The vote brings the total number of UNESCO member States to 195.
“The admission of a new member State is a mark of respect and confidence,” UNESCO Director-General Irina Bokova said following the vote. “This must be an opportunity to strengthen the Organization and not weaken it, a chance for all to commit once again to the values we share and not to be divided.”
Bokova voiced concern by the “potential challenges” that may arise to the universality and financial stability of UNESCO. “I am worried we may confront a situation that could erode UNESCO as a universal platform for dialogue. I am worried for the stability of its budget.”
“It is well-known that funding from our largest contributor, the United States, may be jeopardized,” she noted. “I believe it is the responsibility of all of us to make sure that UNESCO does not suffer unduly as a result…”
**Who Voted What**
Israel was quick to criticise the decision: Nimrod Barkan, the Israeli representative to UNESCO, called the vote “tragic for the idea of UNESCO”, Al Jazeera reported on October 31.
Israel voted against the measure, as did the U.S., Canada and several European countries, including Germany. The UK abstained, while France voted in favor, the network informed. Russia, India, Brazil and South Africa voted in favor of Palestine full membership.
**U.S. Threats With Baring Funding**
The vote will almost certainly trigger a US law, passed in 1990, which bars the US from funding any UN agency “which accords the Palestine Liberation Organization the same standing as member states”, according to the Doha-based Al Jazeera.
The US provides about $80 million per year, or 22 per cent of the agency’s total budget.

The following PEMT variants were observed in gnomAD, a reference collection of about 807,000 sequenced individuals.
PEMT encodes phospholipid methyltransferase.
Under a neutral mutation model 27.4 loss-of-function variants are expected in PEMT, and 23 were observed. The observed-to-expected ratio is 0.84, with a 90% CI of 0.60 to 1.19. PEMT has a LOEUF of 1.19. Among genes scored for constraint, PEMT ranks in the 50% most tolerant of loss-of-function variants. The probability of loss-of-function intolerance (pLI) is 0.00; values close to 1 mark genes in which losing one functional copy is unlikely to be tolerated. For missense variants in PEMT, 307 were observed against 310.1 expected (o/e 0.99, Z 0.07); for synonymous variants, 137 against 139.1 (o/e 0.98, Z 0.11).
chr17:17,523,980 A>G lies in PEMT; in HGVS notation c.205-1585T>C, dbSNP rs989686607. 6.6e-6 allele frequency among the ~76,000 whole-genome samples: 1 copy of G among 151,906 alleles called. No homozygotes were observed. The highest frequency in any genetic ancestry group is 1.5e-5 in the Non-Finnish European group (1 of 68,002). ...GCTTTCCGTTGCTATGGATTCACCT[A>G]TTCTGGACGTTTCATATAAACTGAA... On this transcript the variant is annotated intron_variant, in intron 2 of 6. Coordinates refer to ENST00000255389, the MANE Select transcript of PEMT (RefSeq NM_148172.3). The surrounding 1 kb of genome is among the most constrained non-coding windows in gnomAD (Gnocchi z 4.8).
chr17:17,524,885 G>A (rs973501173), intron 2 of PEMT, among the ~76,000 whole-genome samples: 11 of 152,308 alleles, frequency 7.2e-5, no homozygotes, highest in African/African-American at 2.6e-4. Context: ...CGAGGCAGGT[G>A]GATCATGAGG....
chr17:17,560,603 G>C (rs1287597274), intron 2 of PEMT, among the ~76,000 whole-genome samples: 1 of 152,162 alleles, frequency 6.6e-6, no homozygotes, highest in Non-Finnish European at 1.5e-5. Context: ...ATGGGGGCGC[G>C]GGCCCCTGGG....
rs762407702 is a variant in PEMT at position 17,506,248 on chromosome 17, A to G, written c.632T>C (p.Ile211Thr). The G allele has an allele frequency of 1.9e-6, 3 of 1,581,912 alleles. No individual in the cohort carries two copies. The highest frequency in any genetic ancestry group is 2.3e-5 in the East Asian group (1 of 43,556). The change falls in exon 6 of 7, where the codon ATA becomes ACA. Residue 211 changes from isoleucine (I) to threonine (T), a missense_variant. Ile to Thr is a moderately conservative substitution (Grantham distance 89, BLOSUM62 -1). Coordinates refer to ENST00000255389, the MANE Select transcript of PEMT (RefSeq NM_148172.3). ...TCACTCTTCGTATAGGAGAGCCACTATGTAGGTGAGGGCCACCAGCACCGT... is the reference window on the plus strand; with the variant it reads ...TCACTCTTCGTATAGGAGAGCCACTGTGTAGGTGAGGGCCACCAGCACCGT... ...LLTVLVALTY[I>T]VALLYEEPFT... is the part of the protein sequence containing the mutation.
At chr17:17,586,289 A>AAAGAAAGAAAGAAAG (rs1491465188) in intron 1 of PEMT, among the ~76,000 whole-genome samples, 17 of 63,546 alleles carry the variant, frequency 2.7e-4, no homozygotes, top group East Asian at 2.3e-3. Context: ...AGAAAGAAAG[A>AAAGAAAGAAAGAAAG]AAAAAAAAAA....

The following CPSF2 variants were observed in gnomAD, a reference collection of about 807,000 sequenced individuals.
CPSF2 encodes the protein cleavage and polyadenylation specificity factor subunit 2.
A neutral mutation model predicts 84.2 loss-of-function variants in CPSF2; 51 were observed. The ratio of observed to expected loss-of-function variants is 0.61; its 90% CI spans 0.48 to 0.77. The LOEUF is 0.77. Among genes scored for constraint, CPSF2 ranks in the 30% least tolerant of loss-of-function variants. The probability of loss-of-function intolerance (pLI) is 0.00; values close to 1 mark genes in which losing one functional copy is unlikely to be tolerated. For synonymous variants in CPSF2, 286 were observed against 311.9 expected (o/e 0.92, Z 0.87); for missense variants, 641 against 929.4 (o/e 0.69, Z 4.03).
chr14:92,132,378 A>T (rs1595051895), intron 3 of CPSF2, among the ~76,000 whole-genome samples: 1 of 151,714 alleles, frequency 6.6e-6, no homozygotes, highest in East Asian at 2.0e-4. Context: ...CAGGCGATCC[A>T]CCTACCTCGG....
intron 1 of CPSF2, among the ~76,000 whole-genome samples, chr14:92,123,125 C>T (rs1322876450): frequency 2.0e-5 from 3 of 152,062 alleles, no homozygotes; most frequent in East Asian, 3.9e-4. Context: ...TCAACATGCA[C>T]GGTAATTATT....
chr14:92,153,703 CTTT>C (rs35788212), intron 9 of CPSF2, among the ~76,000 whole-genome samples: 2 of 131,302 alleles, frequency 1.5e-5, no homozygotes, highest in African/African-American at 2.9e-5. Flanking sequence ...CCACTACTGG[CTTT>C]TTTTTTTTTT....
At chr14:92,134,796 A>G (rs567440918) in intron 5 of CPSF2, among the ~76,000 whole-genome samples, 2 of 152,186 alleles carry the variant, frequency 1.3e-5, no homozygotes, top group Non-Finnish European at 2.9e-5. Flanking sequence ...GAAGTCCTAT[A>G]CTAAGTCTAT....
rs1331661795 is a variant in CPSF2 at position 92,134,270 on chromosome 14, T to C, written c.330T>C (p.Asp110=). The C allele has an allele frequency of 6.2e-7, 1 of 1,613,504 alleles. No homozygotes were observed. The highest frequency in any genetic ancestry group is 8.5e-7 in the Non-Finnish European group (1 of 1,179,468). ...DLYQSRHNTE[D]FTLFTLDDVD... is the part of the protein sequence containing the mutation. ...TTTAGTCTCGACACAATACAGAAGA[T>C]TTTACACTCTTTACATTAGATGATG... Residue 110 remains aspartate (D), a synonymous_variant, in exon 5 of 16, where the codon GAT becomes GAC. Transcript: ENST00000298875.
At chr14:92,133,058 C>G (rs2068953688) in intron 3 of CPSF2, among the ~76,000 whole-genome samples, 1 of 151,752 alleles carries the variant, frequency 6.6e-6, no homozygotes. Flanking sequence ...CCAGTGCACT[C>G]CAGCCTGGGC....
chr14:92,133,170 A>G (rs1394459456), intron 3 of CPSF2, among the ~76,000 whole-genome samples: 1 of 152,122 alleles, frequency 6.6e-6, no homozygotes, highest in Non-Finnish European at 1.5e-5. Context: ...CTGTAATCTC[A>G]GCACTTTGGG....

David Killion, the U.S. representative at UNESCO, said the decision would “complicate our ability to support UNESCO,” and reiterated the Obama administration’s past criticism of Palestinian bids for UN recognition, it added.
For her part, Victoria Nuland, a spokeswoman for the U.S. State Department, would not say whether the U.S. was pressuring Congress to issue such a waiver, reports Al Jazeera. “We are not going to create a Palestinian state at UNESCO,” Nuland said last week. “There are consequences if UNESCO votes in this direction.”
**Also Ban Ki-moon Worried**
UN Secretary-General Ban Ki-moon, asked about the UNESCO decision during a press conference in New York, said that it is up to Member States to ensure that the UN system as a whole has consistent political and financial support.
“As such, we will need to work on practical solutions to preserve UNESCO’s financial resources,” he stated.
He also emphasised once again the urgency of a negotiated solution to the Israeli-Palestinian conflict, stressing that the two-state solution is “long overdue.”
For its membership to take effect, Palestine must sign and ratify UNESCO’s constitution, which is open for signature in the archives of the Government of the United Kingdom in London.
Admission to UNESCO for States that are not members of the UN requires a recommendation by the agency’s Executive Board and a two-thirds majority vote in favour by the General Conference.
The General Conference, which consists of the representatives of the States that are members of the agency, meets every two years, and is attended by member States and associate members, together with observers for non-member States, intergovernmental organisations and non- governmental organisations (NGOs).
It is tasked with setting the programmes and the budget of UNESCO. It also elects the members of the Executive Board and appoints, every four years, the Director-General.
The current 36th session of the General Conference began on 25 October and will run through 10 November.
UNESCO’s mission is to contribute to the building of peace, the eradication of poverty, sustainable development and intercultural dialogue through education, the sciences, culture, communication and information.
2011 Human Wrongs Watch [http://human-wrongs-watch.net/](http://human-wrongs-watch.net/)